We would certainly recommend adding the Baltasound to Norwick and Skaw section to this route. There is much more to see and do if you take the roads north towards Haroldswick, Saxa Vord, Norwick and the beautiful bay at Skaw where the journey has to end. The famous bus shelter on the outskirts of Baltasound is a ‘must see’ and there is the Unst’s mining history to find out about at Hagdale Horse Mill. At Haroldswick there is the Viking Unst longhouse and longship and further around the bay is the wonderfully informative Boat Haven as well as the nearby Heritage Centre.
One of the best ways to see the real Shetland is by bike. Cycling offers the opportunity to cover the whole of the islands. You can set your own pace, allowing you to experience all aspects of Shetland life.
Address: Foula Primary School, Foula ,Shetland,
Warning - The bird cliffs on the east side of Noss are just off the edge of the detailed chart and, although the water is mostly deep, there are several dangerous reefs. Yacht skippers should take local advice before approaching the cliffs.
The establishment at the various types of units are:-
Opting for the right hand fork will take you 1.5 miles (2.5km) to the car park over looking Noss Sound. Here you park the bike and walk down the track to the boat departure point for Noss. The island is managed by Scottish Natural Heritage and staffed by seasonal wardens who provide a weather-dependant summer boat service. The island is open from 10am to 5pm (except Mondays and Thursdays) from late May to the end of August. A red flag is flown on the island if it is closed. Visitors should wait at the sign on the shore at Noss Sound for collection by the boat.
Accommodation Guide for Scotland:
An alternative option if the island is closed is to do the Brough to Stobister Circular walk that starts at the car park. Details from the Walk Shetland website:
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For the next route return south on the upper road to the road junction just past the school then turn left. From here head east for 0.75 miles (1.25km) to where the road forks. The fork to the left will take the route the same distance again to where the road ends at Cullingsburgh. From the tarmac turning-head just past Setter you can take a walk along the shore past the 19th Century fishing booth to the ruined township of Cullingsburgh. Next to the settlement lies the burial ground of Cullingsburgh; within the walled enclosure can be found the ruins of the 12th century pre-Reformation chapel of St Mary's; the only cruciform (cross shaped) chapel in Shetland.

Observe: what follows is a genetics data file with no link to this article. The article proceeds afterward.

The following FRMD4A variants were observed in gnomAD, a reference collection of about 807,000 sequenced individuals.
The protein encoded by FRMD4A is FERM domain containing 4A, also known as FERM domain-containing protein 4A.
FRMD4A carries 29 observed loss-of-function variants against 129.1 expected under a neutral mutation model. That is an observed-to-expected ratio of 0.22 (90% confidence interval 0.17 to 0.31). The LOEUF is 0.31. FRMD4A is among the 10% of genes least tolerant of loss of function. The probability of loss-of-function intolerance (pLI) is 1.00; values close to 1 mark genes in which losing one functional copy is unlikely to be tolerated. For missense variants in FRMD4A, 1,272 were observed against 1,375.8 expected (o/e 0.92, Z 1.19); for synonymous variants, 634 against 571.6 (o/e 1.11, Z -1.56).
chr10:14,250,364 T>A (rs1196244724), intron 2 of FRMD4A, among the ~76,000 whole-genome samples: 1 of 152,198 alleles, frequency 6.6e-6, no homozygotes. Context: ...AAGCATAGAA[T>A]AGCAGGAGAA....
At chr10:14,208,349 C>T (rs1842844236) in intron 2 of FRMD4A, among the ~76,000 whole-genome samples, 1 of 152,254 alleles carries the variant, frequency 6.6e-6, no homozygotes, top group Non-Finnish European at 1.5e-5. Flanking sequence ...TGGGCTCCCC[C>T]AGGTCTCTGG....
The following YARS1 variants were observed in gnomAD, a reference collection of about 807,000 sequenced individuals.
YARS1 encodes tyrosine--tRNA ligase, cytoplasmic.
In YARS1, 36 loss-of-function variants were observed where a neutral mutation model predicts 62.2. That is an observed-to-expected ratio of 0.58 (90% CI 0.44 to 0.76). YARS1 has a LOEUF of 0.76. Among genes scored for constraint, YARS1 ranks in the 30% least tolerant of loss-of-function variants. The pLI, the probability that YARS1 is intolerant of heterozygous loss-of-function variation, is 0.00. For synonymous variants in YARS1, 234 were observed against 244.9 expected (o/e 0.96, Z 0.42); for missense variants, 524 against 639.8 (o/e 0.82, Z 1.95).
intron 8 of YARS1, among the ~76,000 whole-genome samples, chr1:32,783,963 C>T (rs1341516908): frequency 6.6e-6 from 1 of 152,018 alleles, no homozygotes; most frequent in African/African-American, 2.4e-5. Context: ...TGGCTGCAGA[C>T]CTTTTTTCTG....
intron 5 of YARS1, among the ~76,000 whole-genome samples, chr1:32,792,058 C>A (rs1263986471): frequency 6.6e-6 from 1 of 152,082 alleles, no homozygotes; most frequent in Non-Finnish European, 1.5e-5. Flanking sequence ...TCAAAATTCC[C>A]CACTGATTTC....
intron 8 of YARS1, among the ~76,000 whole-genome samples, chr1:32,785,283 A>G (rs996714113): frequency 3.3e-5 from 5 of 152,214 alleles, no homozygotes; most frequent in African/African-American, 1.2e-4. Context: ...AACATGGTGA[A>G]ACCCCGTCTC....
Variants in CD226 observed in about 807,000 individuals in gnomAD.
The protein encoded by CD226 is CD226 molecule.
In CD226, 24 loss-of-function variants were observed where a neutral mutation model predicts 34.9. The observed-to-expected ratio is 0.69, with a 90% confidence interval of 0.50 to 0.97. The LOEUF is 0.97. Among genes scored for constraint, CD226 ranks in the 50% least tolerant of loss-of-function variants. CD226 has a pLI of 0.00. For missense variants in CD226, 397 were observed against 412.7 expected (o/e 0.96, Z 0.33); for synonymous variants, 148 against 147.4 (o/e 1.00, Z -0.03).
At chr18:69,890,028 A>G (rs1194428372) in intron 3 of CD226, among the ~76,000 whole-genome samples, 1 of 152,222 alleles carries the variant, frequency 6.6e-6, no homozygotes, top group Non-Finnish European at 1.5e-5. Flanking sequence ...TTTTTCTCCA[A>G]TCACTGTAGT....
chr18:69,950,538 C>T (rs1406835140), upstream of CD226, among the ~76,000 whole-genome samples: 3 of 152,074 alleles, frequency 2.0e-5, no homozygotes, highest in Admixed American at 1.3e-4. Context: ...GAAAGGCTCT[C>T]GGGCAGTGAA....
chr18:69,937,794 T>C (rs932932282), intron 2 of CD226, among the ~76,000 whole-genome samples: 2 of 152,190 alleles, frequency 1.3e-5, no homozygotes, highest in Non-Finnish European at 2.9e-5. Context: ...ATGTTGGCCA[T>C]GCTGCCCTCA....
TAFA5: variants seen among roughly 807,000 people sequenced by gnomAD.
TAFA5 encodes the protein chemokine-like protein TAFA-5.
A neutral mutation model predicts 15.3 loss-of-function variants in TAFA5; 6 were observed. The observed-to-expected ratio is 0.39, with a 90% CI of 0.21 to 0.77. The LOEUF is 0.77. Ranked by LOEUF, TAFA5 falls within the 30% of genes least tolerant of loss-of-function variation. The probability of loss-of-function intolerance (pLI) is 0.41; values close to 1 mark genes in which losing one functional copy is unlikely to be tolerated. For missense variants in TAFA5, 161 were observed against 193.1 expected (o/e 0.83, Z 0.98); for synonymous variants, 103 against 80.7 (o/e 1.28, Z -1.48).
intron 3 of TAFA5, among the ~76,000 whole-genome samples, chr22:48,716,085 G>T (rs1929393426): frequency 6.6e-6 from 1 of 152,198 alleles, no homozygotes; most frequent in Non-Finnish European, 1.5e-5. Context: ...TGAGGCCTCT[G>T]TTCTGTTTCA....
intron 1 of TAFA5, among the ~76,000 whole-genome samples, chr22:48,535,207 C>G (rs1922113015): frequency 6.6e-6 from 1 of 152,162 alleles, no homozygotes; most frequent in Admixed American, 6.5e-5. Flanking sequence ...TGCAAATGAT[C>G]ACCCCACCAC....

The management Team consists of :-
Back at the school junction the south route to Kirkabister Ness lighthouse is just over 2 miles (3.5km). The lighthouse was constructed in 1858 by the Stevenson brothers; the light was replaced in 2012 by a modern harbour light but with the same flashing pattern as the original. Some of the buildings have been converted into self-catering accommodation. There are fine views across the Sound of Bressay to the sheltered bays south of Lerwick. Just below the lighthouse there is a picturesque natural arch.
Website Made in Scotland...;-)
The excellent Bressay Heritage Centre close to the ferry terminal has exhibitions on aspects of the island’s history, archaeology and biodiversity and is a good start point for the day. From here the first route to the north coast of Bressay follows the upper road (the lower road is along the west coast to Heogan). The upper road passes through crofting township of Crueton on a 2.5 mile (4km) run to the small crofting communities of Beosetter and Gunnista. With moorland and grassland close by to the Lochs of Beosetter to the west, and Aiths Voe to the east, this is a prime bird watching area.